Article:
For many young people thinking of buying a homewhich in the urban centres means a condothe cost of home ownership is simply out of reach. So increasingly, to the rescue come the Bank of Mom and Dad.
Mom and Dad are often in a financial position to help their children get a start. There are a number of different options for parents to help.
1. Guarantee the loan (be "on title")
A child may have enough of a down payment, but does not satisfy the Gross Debt Service ("GDS") ratio or Total Debt Service ("TDS") ratio to meet the banks' requirements for a mortgage.
This is a bit complicated but here is a short description of these ratios.
To calculate the GDS, lenders look at total housing costs, which include monthly mortgage payments, property taxes and heating, and determine what percentage that represents of gross monthly income for the household. This ratio should be 32% or less of the gross household income.
For TDS, the lender includes most other monthly expenses, and the TDS ratio should not be more than 40% of the gross monthly income for the household. In this situation the parents may simply agree to guarantee the loan. Most lenders will require the parents go on title to the property as owners. Although there are some exceptions, the lenders will calculate the GDS and TDS including the parents' financial information.
Parents' going on title raises some concerns as to the impact on the first-time buyers' exemption under Property Transfer Tax and the potential for the parents to be charged a capital gain upon the subsequent sale of the property as the property was not their principal residence. To the rescue comes the legal advisor.
Where the lender requires the parents to be on title, the legal advisor will likely recommend the parents hold a 1% interest in the property. A child entitled to claim the first-time buyer exemption would then get the benefit of 99% of the exemption. To deal with the potential exposure to capital gains, the legal advisor will likely recommend that the parents sign a trust declaration stating that they hold the 1% interest "in trust" for their child, which means the property really belongs to the child and the parents are only on title to meet the requirements of the lender.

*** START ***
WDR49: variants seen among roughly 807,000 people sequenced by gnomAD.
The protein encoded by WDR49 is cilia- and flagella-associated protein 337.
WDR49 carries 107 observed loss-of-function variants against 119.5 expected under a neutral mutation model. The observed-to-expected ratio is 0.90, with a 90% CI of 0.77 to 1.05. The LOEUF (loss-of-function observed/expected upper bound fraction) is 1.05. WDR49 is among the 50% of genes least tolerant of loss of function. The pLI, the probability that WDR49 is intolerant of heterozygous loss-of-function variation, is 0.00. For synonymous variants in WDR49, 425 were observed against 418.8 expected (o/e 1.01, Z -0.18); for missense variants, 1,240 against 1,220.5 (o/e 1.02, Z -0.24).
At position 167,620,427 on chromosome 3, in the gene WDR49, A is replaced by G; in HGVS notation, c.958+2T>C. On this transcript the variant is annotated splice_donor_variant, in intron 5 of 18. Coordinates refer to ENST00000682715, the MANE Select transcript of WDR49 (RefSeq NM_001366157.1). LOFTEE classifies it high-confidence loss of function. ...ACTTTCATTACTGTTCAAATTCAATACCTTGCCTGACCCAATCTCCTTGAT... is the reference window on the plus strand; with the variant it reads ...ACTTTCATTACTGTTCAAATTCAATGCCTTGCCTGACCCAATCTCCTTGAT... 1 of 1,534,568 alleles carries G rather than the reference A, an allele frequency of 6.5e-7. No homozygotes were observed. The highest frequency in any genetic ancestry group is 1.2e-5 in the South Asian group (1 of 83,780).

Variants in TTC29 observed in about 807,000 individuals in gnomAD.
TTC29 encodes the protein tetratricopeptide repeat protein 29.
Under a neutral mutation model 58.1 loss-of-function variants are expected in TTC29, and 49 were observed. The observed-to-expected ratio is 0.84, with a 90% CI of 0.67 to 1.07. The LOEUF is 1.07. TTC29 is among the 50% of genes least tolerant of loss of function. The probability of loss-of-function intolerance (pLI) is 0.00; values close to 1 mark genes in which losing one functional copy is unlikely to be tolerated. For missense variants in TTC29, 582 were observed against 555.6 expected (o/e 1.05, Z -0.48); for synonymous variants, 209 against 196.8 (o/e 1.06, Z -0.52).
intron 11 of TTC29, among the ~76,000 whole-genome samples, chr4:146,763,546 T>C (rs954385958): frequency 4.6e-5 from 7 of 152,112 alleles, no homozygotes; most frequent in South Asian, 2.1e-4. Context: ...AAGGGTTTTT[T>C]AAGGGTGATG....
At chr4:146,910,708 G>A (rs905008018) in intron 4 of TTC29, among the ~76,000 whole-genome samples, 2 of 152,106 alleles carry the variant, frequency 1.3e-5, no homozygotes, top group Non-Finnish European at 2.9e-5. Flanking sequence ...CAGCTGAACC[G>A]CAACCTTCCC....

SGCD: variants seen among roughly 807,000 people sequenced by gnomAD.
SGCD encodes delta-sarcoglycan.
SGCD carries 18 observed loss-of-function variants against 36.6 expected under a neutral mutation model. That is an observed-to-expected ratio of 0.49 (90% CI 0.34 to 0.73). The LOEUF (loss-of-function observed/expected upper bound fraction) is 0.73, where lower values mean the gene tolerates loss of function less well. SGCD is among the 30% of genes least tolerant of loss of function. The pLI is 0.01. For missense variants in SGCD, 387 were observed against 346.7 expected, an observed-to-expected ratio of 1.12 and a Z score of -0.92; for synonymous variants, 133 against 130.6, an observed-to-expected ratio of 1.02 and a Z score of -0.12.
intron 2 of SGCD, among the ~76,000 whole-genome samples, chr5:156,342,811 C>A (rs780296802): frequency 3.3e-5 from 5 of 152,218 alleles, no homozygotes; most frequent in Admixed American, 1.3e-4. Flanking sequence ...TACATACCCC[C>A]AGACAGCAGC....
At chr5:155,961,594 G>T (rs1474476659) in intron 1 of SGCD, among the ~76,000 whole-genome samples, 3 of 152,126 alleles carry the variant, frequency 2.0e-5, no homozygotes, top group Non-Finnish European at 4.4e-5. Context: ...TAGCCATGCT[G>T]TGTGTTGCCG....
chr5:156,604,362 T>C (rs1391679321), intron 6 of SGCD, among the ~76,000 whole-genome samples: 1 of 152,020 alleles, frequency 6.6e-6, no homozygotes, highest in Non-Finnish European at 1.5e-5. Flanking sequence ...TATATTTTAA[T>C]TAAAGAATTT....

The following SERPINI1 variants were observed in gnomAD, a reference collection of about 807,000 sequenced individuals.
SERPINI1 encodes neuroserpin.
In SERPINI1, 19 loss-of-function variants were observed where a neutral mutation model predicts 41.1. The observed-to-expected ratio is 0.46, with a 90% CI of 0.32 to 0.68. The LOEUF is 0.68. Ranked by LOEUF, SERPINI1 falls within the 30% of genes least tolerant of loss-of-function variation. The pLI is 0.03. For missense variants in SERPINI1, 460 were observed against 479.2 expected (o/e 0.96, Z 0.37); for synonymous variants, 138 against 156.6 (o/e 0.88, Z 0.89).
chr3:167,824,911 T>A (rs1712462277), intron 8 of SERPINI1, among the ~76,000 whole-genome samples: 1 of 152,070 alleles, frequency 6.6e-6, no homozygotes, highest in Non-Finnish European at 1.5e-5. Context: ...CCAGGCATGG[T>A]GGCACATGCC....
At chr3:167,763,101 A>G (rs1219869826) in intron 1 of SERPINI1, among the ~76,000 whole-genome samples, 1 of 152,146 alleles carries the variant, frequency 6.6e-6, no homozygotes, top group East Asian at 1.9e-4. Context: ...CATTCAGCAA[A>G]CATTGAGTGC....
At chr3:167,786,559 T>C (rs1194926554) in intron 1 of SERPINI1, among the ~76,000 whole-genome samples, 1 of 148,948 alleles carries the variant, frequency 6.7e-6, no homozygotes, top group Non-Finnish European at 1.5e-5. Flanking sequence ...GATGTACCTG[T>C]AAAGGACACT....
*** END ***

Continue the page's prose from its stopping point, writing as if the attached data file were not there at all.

2. Give money for the down payment
Parents may provide some or all of the down payment by way of a gift. The lenders will recognize the down payment as belonging to the child if the parents execute a gift letter stating that the funds are an outright gift to their child and there is no obligation on the child to repay the amount.
3. Give some money and lend the rest
Parents may provide a gift to satisfy the requirement that the down payment must come from the assets of the child, as well as additional funds over and above the minimum down payment required by the lender.
In this situation the parents may be concerned about future claims under the Family Law Act whereby the child's spouse could claim a 50% interest in the funds that the parents provided over and above the amount intended to be a gift. Often parents will want to protect these additional funds from a claim by registering a second mortgage against the property. Mortgages contain a provision requiring the consent of the lender in the event the owners of the property are granting additional mortgage security. So where parents wish to register a second mortgage they must obtain the consent of the lender. If the lender does not consent, the parents could have the child and child's spouse execute a promissory note which is not registered against the property. Normally the mortgage or promissory note is payable on demand and is interest free. If interest is included in the loan then the parents must account for tax on interest income regardless of whether or not they receive the interest.
4. Pay for the home
Parents may be in a financial position to truly be the Bank of Mom and Dad and provide all funds necessary to buy the property. In this situation they may want to register a mortgage to protect against a future claim under the Family Law Act. Again, the mortgage may simply be payable on demand with or without interest and principal payments.
A caution for parents is to consider the impact of a loan to a child on their estate plan. If the parents have other children or other beneficiaries in their Wills the outstanding demand loan needs to be considered. If one child has received a disproportionate benefit by a loan to buy property, is the loan simply forgiven at the time of the parents' passing or is there an adjustment to ensure that each child is treated fairly?
Best Advice:As with all things complicated you should always talk to your professional advisor.